There was a policy of persecution against God’s prophets. This is seen in Ahab’s fanatical desire to find Elijah (18:10), and in Jezebel’s murder of the Lord’s prophets (18:4, 13). How could the godly survive an onslaught driven by fanatical hatred?

God has not placed believers in “heaven on earth”. No, we live in a world filled with rejection of God, refusal to love God, and rebellion against God and his ways. We must rid our minds of the deceptive notion that life here will be easy and that we will lack spiritual opposition. Oh, I know that Christians will agree with this in theory, but there is far too much hand-wringing and moaning in churches today. The Lord never told us that it would be easy. In fact, listen to what the apostles Paul and Barnabas told the churches they had started. “It is necessary to go through many hardships to enter the kingdom of God” (Acts 14:22 CSB).

Grace and peace, David

Elijah’s Greatest Challenge (Part Three)

1 Kings 17:17-24

Then the woman said to Elijah, “Now I know that you are a man of God and that the word of the Lord from your mouth is the truth” (17:24 NIV).

Elijah found himself in a situation that no one had previously confronted. God had promised to provide for him through a widow and her flour and oil. But the widow’s son died unexpectedly. She blamed him for her son’s death, and it appeared that God’s promise had miscarried. Did the true God only give the Gentile woman an illusion of hope? How could he demonstrate that God was worthy of her trust? What could Elijah do or even say? Could the dead be raised? His response provides a helpful pattern for us. Elijah prayed effectively.

  • It was a fervent prayer, for “he cried out to the Lord”. The typical “church prayers” (Sunday service or small group) very rarely are spoken passionately. They are lukewarm, boring, and impersonal. People get more excited about junk mail or telemarketer calls than praying to the true and living God!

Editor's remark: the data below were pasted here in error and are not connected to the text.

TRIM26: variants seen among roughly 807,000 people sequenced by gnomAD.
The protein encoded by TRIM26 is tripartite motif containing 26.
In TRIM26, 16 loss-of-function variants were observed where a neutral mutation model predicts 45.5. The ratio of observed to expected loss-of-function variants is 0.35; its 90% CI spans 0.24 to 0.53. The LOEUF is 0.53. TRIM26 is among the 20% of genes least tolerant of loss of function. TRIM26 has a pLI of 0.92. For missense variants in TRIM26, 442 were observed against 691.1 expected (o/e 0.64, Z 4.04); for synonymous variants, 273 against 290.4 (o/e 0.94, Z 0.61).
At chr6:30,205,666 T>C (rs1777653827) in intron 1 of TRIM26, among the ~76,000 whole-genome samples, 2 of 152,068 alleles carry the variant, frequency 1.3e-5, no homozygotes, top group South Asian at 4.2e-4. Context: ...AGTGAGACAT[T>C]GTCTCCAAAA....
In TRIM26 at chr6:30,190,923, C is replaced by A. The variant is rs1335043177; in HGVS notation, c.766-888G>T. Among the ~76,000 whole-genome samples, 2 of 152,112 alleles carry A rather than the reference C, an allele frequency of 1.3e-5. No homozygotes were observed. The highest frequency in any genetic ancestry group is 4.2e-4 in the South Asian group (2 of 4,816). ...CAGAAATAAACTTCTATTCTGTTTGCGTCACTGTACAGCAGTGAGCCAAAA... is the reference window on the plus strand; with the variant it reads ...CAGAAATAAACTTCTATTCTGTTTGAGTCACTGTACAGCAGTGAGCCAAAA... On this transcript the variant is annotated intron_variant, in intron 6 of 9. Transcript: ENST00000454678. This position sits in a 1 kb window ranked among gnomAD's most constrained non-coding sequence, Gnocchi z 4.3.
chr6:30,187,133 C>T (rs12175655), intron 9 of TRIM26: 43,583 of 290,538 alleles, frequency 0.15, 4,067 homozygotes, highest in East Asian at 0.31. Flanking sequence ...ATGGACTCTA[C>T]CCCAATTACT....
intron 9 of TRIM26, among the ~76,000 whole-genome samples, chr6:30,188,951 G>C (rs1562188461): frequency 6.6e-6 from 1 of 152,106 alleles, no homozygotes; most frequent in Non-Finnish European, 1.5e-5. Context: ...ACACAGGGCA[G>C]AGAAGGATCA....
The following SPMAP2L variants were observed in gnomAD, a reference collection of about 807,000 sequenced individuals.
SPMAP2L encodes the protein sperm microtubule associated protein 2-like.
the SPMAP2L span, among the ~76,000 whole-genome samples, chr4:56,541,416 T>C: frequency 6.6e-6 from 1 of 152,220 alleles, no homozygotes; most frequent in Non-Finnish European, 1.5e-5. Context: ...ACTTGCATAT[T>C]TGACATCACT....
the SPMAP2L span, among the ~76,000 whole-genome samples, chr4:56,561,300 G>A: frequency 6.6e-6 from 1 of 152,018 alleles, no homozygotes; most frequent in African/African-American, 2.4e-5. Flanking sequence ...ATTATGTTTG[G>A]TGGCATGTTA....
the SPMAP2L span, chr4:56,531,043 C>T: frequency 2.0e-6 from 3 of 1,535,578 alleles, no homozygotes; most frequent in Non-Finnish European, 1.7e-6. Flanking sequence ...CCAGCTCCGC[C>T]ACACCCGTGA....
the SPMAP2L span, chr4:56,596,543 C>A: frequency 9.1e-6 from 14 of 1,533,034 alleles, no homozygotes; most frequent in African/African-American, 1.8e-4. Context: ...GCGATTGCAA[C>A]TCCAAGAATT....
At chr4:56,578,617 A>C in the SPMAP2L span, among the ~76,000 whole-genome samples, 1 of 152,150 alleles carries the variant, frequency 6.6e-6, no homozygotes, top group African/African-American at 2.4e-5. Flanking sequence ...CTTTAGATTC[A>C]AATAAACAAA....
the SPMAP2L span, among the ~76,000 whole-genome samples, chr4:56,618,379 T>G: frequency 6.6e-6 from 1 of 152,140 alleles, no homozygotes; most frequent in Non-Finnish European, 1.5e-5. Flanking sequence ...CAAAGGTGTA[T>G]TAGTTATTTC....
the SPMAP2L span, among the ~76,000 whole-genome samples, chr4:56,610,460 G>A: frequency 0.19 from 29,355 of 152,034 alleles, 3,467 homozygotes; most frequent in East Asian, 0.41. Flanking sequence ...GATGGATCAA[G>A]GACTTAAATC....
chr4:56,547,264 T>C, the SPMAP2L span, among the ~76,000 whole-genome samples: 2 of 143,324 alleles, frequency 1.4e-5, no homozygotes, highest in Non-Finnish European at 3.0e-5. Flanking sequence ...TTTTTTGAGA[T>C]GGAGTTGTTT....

• It was a personal prayer. He addressed his God—“O Lord my God”. He knew God, for he had waited on the Lord for daily provision. He knew that God understood his condition and believed that God cared about the widow and him. In contrast, “church prayers” seem like a phone call to some unknown person at a utility company. “With whom am I speaking?”
  • It was a bold prayer—“have you brought tragedy…?” Elijah didn’t whitewash the tragedy to appear reverent. He talked with the Lord in the hideous pain of the loss of the widow’s son. Why pray this way? Because God wants us to be real with him.
  • It was importunate prayer: “three times”. Some mistakenly suppose that prayer is a once spoken request, like the less they pray the more faith they’re supposed to have. Such wrong ideas come from a misunderstanding of Matthew 6:7, which they suppose “excuses” them from wrestling with God in prayer (cf. Colossians 4:12). Yet Jesus himself prayed repeatedly!
  • It was a specific prayer: “let this boy’s life return to him!” He didn’t pray glib, trite, vague requests. He asked for something precise. God wants us to pray this way.